various different theories. The defendant claims that the court lacks subject matter
jurisdiction or, in the alternative, that the plaintiffs have failed to state claims for
which relief can be granted. See Fed. R. Civ. P. 12(b)(1), 12(b)(6). Additionally,
the defendant has moved to dismiss for failure to join an indispensable party under
Federal Rule of Civil Procedure 12(b)(7). The Motion to Dismiss has been fully
briefed and is ripe for decision.
A. LACK OF SUBJECT MATTER JURISDICTION.
A motion to dismiss pursuant to Rule 12(b)(1) of the Federal Rules of Civil
Procedure raises the fundamental question of whether the court is competent to
hear and adjudicate the claims brought before it. Challenges to jurisdiction under
Rule 12(b)(1) may be raised in two distinct ways — facial attacks and factual
attacks. See Thigpen v. United States, 800 F.2d 393, 401 n. 15 (4th Cir. 1986).
In the present case, the defendant mounts a facial challenge, arguing that the
Amended Complaint “simply fails to allege facts upon which subject matter
jurisdiction can be based.” Adams v. Bain, 697 F.2d 1213, 1219 (4th Cir. 1982).
In analyzing a facial challenge, the court must proceed as it would on a motion to
dismiss for failure to state a claim under Federal Rule of Civil Procedure 12(b)(6)
and accept the allegations in the Amended Complaint as true. See id.
The plaintiffs filed this action pursuant to § 520(f) of SMCRA. Section
Any person who is injured in his person or property through the
violation by any operator of any rule, regulation, order, or permit
issued pursuant to [SMCRA] may bring an action for damages . . .
only in the judicial district in which the surface coal mining operation
complained of is located.
30 U.S.C.A. § 1270(f) (West 2007). This provision creates a federal cause of
action for the recovery of damages resulting from the violation of “any rule,
regulation, order, or permit issued pursuant to [SMCRA].” Id. Black Diamond’s
first argument for dismissal centers on whether the statutory phrase “issued
pursuant to [SMCRA],” includes state-issued orders and regulations that comprise
a federally approved state surface mining program. More precisely, the issue is
whether the Virginia orders and regulations allegedly violated by Black Diamond
were issued “pursuant to” SMCRA, such that the court has subject matter
jurisdiction over the Amended Complaint under § 520(f).
contends that the Virginia orders were not issued pursuant to SMCRA, and that
Virginia courts have exclusive jurisdiction over the plaintiffs’ claims.
This argument has no merit. The Fourth Circuit has plainly stated that
individual plaintiffs may maintain actions in federal court under § 520(f) of
SMCRA to recover money damages from coal operators as a result of a violation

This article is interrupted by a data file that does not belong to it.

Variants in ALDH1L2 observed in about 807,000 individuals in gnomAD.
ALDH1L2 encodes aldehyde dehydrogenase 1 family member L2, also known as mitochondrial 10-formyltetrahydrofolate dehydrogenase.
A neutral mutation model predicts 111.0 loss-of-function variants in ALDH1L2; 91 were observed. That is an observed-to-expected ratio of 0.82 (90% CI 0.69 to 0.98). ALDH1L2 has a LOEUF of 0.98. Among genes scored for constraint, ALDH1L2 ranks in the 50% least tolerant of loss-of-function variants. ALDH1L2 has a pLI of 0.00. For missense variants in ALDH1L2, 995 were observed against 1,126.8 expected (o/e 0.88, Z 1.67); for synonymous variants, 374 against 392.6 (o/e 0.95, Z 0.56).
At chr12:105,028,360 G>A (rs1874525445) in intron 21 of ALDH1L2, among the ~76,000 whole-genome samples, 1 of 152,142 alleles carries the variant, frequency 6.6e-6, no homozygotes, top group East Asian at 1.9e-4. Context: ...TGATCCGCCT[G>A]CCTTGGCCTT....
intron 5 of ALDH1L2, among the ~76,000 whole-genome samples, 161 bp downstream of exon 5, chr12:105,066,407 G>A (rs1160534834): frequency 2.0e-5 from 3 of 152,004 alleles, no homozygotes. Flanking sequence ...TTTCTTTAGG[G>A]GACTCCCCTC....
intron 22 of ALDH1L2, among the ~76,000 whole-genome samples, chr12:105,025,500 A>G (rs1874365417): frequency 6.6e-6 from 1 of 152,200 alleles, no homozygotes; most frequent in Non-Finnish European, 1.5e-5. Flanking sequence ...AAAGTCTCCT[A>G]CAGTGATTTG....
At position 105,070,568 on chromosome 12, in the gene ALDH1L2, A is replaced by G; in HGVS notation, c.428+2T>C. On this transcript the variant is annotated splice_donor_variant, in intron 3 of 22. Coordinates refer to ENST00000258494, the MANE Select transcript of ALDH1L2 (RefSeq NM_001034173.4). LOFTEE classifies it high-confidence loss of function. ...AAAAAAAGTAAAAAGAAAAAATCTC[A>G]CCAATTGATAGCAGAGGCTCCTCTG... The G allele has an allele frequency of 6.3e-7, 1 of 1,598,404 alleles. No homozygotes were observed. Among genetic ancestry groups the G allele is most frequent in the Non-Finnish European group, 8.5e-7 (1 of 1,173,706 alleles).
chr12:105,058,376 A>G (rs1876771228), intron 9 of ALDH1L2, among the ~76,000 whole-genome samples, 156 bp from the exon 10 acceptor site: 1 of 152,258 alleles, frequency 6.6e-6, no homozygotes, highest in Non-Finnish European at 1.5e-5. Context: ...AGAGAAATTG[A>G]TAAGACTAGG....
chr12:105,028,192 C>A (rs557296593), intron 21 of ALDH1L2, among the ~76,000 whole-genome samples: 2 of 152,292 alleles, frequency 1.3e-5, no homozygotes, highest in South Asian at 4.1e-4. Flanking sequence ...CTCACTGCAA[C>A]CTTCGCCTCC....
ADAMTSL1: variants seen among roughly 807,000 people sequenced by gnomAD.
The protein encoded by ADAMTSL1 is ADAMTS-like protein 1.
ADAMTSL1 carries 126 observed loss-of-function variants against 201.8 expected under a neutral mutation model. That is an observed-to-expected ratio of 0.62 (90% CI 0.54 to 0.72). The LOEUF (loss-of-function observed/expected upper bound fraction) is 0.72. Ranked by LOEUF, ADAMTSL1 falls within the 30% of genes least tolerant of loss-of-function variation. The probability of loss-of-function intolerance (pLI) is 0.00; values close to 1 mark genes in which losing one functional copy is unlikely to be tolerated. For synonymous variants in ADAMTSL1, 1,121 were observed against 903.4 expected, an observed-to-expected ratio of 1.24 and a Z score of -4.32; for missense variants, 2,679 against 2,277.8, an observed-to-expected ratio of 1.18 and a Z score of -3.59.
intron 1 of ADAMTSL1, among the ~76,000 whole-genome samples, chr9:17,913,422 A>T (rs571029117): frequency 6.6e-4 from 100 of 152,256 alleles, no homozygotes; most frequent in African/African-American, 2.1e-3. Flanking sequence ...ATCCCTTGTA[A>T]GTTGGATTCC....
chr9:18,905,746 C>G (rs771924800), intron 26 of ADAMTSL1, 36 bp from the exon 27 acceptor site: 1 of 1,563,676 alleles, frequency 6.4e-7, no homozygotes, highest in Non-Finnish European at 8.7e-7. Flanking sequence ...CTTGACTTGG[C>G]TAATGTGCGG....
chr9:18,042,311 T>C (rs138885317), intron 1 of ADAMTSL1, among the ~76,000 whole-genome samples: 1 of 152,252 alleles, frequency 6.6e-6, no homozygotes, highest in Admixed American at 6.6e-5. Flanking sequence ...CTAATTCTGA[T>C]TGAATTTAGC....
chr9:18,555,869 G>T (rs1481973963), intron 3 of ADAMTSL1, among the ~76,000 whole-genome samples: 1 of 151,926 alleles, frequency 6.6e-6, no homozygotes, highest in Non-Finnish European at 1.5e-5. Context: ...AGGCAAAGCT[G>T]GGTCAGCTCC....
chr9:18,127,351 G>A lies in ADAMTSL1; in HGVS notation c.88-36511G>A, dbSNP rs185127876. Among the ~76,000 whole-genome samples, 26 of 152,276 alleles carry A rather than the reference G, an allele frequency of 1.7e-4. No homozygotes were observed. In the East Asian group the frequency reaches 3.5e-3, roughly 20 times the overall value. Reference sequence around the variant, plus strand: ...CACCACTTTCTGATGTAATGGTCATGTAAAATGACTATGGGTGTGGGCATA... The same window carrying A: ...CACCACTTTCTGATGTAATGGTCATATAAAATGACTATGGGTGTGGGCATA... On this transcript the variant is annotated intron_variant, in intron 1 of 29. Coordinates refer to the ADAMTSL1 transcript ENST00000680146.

of any state rule, regulation, permit, or order included in an approved state
regulatory program. See Molinary v. Powell Mountain Coal Co., Inc., 125 F.3d
231, 237 (4th Cir. 1997) (“Because Congress has not specifically assigned
jurisdiction over § 520(f) suits elsewhere, we conclude the district court possessed
subject matter jurisdiction pursuant to 28 U.S.C. § 1331.”).
Diamond cites the Fourth Circuit’s subsequent decision in Bragg v. W. Va. Coal
Ass’n, 248 F.3d 275 (4th Cir. 2001), for its emphasis on the exclusivity of state
regulation, the Bragg court reiterated the conclusion in Molinary that SMCRA
gives federal courts subject matter jurisdiction “over at least some sorts of claims.”
See Bragg, 248 F.3d at 299. The question is not one of jurisdiction, but of the
merits of the claim. Id. at 299-300.
Black Diamond next argues that this court lacks jurisdiction because DMLR
has already taken some enforcement action in response to the plaintiffs’ requests
for relief, triggering SMCRA’s diligent prosecution bar. In other words, Black
Diamond asserts that the plaintiffs chose to seek enforcement through DMLR and,
having done so, must now be barred from litigating before this court.
Title 30 U.S.C.A. § 1270(b)(1)(B) (West 2007) provides that “no [citizen]
action may be commenced . . . if the [federal government] or the State has
commenced and is diligently prosecuting a civil action in a court of the United
States or a State to require compliance with the provisions of [SMCRA], or any
rule, regulation, order, or permit issued pursuant to [SMCRA] . . . .” While it is
true that DMLR has issued two Water Replacement Orders in connection with
plaintiffs’ requests for relief, the statutory language is clear — enforcement actions
of regulatory authorities can only preclude citizen suits against coal operators if the
state regulatory agency itself has brought a civil action against the operator in a
Because DMLR has not commenced any civil action against Black
Diamond, the diligent prosecution bar is not implicated.